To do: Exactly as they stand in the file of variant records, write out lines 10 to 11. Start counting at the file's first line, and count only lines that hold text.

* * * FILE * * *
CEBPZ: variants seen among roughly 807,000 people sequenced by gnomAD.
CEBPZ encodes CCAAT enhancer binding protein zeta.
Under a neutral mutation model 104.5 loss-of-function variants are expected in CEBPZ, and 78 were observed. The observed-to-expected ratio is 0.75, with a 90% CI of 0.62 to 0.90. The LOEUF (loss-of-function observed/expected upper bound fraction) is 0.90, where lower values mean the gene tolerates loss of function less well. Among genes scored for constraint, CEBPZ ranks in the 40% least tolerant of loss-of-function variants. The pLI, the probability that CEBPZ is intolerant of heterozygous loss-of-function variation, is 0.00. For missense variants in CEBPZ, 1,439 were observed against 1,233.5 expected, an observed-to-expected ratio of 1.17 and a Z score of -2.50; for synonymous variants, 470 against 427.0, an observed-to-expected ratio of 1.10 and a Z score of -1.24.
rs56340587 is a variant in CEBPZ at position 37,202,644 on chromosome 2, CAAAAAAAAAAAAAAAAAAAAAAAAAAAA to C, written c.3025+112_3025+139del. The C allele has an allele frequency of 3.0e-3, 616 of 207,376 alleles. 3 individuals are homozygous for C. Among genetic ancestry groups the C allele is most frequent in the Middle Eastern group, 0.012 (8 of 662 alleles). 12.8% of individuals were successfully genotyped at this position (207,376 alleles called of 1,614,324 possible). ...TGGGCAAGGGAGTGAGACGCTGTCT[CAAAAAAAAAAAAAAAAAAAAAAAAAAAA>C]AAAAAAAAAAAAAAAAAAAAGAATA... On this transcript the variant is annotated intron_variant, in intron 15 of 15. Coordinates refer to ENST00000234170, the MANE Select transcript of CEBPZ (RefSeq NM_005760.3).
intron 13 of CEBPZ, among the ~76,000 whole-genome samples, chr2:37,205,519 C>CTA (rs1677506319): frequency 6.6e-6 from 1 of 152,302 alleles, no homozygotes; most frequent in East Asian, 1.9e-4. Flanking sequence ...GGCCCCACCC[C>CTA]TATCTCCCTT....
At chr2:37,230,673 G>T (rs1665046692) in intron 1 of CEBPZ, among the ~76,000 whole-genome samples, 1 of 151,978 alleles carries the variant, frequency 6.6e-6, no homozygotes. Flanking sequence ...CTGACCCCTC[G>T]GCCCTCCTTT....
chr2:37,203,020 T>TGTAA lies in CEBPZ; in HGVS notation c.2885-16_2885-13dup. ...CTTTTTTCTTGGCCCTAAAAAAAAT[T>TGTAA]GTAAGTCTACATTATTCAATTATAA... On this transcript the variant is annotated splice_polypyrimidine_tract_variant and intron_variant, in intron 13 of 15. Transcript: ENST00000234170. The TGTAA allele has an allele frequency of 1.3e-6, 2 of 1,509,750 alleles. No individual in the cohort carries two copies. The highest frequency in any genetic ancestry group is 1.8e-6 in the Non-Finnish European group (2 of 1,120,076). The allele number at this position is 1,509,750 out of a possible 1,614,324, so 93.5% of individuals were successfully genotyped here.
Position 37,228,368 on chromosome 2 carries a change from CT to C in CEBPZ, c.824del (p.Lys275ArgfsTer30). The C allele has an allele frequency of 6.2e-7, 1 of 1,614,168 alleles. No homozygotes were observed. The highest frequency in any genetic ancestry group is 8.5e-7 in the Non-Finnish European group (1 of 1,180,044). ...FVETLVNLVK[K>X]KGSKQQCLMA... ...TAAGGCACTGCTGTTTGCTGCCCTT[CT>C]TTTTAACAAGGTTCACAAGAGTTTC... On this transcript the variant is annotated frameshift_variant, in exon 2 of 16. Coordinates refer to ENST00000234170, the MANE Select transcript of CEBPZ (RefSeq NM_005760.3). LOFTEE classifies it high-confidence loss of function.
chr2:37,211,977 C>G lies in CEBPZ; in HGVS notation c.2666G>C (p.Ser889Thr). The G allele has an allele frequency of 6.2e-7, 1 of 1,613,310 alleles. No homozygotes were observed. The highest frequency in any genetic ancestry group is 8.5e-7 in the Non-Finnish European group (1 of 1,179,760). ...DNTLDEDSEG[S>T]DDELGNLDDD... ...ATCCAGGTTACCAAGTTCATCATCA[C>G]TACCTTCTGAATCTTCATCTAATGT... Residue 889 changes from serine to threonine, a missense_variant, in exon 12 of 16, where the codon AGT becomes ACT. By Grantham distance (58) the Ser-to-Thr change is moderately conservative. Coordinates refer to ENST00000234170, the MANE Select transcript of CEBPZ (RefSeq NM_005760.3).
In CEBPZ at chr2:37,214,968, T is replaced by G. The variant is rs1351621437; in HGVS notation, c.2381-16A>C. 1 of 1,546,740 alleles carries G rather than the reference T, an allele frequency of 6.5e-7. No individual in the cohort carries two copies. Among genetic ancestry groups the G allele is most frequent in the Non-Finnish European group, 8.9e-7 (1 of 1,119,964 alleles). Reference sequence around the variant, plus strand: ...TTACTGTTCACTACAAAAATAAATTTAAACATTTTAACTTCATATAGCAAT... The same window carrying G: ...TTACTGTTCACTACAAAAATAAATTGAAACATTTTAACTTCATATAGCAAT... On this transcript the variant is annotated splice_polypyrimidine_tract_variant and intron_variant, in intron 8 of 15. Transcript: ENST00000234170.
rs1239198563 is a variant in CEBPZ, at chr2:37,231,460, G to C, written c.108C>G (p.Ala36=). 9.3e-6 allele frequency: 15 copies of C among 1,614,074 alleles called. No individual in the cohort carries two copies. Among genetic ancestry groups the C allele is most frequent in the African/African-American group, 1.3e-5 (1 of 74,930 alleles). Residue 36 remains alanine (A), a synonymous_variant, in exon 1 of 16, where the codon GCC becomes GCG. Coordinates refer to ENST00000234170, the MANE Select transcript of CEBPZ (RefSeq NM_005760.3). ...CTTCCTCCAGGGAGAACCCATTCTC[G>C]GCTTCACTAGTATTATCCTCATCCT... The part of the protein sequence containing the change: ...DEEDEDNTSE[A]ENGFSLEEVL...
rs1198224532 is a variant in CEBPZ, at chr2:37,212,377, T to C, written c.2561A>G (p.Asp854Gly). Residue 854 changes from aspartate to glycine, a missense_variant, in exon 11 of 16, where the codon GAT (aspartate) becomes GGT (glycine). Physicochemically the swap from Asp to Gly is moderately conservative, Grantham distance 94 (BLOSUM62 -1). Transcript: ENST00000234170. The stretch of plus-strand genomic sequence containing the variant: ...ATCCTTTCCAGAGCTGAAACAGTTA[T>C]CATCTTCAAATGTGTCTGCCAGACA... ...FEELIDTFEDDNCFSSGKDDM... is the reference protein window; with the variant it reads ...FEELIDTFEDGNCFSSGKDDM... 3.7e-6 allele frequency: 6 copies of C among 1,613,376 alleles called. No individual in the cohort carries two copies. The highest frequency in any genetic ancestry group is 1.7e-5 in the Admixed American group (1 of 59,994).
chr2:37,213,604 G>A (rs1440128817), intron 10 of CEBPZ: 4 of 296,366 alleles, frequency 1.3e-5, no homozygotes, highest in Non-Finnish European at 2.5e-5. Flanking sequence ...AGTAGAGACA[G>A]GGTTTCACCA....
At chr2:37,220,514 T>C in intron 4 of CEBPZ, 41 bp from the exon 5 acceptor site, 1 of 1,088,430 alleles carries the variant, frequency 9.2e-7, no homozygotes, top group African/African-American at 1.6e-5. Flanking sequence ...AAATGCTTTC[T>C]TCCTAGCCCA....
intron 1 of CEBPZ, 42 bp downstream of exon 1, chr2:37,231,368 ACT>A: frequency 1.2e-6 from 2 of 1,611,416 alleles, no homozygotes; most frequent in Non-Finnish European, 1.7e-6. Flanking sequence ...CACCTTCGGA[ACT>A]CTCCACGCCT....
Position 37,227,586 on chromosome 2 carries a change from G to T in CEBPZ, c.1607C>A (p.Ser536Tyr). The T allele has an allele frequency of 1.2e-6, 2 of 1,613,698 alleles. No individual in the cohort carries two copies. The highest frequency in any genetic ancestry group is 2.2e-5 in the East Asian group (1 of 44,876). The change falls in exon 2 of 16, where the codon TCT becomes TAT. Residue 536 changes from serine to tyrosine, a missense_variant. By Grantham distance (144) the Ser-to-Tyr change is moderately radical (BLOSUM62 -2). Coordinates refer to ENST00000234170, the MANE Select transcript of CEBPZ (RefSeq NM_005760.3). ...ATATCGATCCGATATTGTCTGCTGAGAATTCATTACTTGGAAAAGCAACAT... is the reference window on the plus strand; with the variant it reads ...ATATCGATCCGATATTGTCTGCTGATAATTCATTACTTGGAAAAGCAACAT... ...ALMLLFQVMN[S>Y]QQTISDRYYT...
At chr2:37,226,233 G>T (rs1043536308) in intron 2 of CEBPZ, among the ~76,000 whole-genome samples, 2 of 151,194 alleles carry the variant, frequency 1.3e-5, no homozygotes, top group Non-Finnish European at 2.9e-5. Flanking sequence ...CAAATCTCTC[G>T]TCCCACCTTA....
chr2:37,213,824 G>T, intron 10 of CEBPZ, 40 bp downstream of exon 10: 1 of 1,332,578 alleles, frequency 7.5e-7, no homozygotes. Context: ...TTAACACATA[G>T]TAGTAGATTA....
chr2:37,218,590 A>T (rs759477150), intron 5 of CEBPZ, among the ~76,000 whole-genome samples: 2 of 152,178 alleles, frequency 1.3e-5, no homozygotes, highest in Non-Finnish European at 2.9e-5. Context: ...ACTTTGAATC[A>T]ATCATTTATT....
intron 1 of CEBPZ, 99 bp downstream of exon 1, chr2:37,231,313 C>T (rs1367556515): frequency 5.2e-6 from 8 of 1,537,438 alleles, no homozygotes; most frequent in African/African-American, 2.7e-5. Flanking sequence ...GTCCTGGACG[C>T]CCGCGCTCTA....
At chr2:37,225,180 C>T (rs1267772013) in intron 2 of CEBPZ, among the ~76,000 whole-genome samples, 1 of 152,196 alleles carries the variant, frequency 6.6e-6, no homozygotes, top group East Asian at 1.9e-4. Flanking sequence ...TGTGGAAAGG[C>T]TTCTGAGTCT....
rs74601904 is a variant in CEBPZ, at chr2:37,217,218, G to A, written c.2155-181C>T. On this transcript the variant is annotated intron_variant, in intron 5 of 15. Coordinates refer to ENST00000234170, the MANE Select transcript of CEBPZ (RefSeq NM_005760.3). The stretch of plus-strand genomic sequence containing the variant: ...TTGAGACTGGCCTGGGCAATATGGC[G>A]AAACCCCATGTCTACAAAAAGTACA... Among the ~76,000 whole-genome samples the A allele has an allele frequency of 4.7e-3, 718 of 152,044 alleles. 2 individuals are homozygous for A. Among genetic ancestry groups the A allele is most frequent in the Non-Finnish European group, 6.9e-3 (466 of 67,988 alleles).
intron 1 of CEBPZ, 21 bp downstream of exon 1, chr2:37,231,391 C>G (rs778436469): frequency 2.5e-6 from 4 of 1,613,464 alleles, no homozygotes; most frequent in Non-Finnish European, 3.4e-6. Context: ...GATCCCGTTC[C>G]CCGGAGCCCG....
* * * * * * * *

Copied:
In CEBPZ at chr2:37,214,968, T is replaced by G. The variant is rs1351621437; in HGVS notation, c.2381-16A>C. 1 of 1,546,740 alleles carries G rather than the reference T, an allele frequency of 6.5e-7. No individual in the cohort carries two copies. Among genetic ancestry groups the G allele is most frequent in the Non-Finnish European group, 8.9e-7 (1 of 1,119,964 alleles). Reference sequence around the variant, plus strand: ...TTACTGTTCACTACAAAAATAAATTTAAACATTTTAACTTCATATAGCAAT... The same window carrying G: ...TTACTGTTCACTACAAAAATAAATTGAAACATTTTAACTTCATATAGCAAT... On this transcript the variant is annotated splice_polypyrimidine_tract_variant and intron_variant, in intron 8 of 15. Transcript: ENST00000234170.
rs1239198563 is a variant in CEBPZ, at chr2:37,231,460, G to C, written c.108C>G (p.Ala36=). 9.3e-6 allele frequency: 15 copies of C among 1,614,074 alleles called. No individual in the cohort carries two copies. Among genetic ancestry groups the C allele is most frequent in the African/African-American group, 1.3e-5 (1 of 74,930 alleles). Residue 36 remains alanine (A), a synonymous_variant, in exon 1 of 16, where the codon GCC becomes GCG. Coordinates refer to ENST00000234170, the MANE Select transcript of CEBPZ (RefSeq NM_005760.3). ...CTTCCTCCAGGGAGAACCCATTCTC[G>C]GCTTCACTAGTATTATCCTCATCCT... The part of the protein sequence containing the change: ...DEEDEDNTSE[A]ENGFSLEEVL...